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MariaDB – How to set max_connections permanently ?

This tutorial guides you on how to set max_connections permanently in MariaDB. Are you struggling to update or set max_connections parameter ? MariaDB does not take the updated parameter value that is set ?, then you can refer this tutorial.

MariaDB – How to set max_connections permanently

When I was trying to load test my WordPress setup on Google Cloud which was using MariaDB as database, I wanted to check what is the maximum connections that my database will allow simultaneously.

Therefore, I used the following commands to check the value of ‘max_connections‘ in database. It returned the value as 100 which is default.

:~# mysql -u root -p
Enter password:
Welcome to the MariaDB monitor.  Commands end with ; or \g.
Your MariaDB connection id is 103083
Server version: 10.4.14-MariaDB-1:10.4.14+maria~focal-log mariadb.org binary dis                                                                                                                                                             tribution

Copyright (c) 2000, 2018, Oracle, MariaDB Corporation Ab and others.

Type 'help;' or '\h' for help. Type '\c' to clear the current input statement.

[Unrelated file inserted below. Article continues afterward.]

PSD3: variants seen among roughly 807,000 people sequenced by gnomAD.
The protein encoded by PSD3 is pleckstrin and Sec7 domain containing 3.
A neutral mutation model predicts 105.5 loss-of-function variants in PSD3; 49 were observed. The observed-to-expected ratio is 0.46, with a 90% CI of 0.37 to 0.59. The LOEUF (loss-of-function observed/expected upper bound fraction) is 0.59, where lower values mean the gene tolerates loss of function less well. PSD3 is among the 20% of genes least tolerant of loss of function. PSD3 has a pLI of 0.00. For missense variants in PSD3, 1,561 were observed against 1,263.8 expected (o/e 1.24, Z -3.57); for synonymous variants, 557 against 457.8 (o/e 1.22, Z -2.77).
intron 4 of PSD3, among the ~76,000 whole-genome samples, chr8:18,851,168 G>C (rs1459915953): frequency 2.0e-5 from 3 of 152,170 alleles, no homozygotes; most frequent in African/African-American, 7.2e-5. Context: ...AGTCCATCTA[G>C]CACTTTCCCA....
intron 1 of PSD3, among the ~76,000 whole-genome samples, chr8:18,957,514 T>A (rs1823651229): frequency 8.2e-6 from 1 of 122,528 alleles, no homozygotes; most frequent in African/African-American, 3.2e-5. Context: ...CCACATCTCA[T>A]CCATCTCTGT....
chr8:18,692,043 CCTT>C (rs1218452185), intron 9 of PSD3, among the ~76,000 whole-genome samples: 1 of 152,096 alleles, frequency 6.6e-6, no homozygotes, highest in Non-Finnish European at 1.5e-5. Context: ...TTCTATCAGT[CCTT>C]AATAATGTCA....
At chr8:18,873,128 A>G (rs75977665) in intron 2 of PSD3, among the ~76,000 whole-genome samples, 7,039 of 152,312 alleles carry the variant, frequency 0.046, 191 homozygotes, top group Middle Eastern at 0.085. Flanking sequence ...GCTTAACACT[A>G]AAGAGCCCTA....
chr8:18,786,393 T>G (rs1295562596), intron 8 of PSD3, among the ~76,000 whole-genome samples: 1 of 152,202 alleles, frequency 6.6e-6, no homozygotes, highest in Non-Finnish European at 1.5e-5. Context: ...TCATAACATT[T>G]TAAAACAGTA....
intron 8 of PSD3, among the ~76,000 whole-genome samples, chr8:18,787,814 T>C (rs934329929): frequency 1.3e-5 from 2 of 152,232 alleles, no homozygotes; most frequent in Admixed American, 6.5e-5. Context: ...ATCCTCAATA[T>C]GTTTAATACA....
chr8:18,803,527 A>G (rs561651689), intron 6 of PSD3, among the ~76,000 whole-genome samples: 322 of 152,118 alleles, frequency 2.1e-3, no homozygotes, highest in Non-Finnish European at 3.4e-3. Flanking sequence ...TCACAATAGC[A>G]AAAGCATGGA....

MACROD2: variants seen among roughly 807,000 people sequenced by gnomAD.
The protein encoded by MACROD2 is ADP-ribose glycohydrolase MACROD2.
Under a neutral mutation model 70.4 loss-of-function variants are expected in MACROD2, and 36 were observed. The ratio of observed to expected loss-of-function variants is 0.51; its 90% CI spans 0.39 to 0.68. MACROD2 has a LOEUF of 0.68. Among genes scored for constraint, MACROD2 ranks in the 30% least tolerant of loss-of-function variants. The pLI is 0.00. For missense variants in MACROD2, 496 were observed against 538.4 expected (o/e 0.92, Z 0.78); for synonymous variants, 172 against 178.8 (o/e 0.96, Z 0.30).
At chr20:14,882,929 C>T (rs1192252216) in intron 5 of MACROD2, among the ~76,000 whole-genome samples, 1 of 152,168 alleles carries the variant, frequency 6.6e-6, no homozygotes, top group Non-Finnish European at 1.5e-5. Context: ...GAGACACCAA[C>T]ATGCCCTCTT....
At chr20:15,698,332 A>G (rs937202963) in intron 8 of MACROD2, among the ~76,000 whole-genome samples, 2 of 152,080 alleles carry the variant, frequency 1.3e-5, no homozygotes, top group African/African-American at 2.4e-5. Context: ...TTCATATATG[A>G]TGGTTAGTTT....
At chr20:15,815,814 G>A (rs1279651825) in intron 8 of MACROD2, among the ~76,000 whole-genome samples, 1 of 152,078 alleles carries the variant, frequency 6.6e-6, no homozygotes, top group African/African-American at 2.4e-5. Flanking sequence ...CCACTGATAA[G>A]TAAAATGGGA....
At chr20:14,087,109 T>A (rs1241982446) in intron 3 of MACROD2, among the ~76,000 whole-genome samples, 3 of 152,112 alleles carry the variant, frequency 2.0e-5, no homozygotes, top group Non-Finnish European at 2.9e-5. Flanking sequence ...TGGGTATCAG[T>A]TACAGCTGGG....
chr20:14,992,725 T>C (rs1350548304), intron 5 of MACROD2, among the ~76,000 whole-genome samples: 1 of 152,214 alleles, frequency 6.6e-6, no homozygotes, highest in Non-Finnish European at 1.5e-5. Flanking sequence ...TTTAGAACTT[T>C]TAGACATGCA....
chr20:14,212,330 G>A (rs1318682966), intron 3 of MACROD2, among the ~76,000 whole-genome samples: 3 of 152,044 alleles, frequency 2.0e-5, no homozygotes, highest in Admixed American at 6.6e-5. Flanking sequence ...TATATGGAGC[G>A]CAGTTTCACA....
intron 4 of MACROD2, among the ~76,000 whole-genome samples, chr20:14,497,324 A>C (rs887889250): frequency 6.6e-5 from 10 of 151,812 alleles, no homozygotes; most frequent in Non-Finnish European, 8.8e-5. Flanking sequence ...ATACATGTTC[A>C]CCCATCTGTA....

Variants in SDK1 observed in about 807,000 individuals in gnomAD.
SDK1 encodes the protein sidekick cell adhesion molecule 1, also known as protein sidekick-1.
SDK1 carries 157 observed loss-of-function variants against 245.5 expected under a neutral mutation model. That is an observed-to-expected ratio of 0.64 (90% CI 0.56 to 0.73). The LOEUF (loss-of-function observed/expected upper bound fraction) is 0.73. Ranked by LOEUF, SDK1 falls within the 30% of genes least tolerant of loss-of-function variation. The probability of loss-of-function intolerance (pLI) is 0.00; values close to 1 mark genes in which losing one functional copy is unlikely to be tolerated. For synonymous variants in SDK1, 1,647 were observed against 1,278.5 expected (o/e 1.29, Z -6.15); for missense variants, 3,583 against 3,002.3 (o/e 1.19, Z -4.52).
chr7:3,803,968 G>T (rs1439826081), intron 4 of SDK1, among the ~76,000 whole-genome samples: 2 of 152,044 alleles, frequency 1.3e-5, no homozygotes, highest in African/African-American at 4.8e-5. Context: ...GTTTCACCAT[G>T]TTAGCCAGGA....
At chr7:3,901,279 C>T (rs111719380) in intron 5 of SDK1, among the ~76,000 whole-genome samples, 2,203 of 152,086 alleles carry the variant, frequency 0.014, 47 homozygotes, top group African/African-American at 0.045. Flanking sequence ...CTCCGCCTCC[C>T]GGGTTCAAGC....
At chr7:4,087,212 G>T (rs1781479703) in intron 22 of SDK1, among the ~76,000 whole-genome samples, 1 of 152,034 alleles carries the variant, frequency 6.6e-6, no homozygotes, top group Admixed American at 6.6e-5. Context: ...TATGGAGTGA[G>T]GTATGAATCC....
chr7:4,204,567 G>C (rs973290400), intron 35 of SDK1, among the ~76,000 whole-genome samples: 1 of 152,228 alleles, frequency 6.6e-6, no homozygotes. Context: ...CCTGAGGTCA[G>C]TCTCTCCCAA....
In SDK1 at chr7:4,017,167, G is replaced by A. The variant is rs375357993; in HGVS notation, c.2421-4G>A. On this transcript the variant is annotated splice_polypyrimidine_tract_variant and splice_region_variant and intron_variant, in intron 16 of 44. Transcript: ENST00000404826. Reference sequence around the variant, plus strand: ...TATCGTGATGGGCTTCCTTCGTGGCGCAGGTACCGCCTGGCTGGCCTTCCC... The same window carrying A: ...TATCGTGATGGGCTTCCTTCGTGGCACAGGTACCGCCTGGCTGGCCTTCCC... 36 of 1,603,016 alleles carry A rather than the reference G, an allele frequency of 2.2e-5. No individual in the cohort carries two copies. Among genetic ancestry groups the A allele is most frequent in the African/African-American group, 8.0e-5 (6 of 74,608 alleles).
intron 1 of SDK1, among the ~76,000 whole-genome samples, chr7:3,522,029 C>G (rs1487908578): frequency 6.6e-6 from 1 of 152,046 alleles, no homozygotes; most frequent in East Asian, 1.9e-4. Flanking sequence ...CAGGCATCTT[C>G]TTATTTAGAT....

MariaDB [(none)]> show variables like "max_connections";
    
+-----------------+-------+
| Variable_name   | Value |
+-----------------+-------+
| max_connections | 100   |
+-----------------+-------+
1 row in set (0.072 sec)

Note, the following is the other way to check the default value which was set for max_connections i.e., using grep command

/usr/local/lsws# mysqladmin variables | grep max_connections
mysqladmin: connect to server at 'localhost' failed
error: 'Access denied for user 'root'@'localhost' (using password: NO)'
[email protected]:/usr/local/lsws# mysqladmin -u root -p variables | grep max_connections
Enter password:
| extra_max_connections                                  | 1                                                                                                                                                                                                                                                                                                                                                                                                                                                                                                                                                                                                                                                                                                                                                                                                         |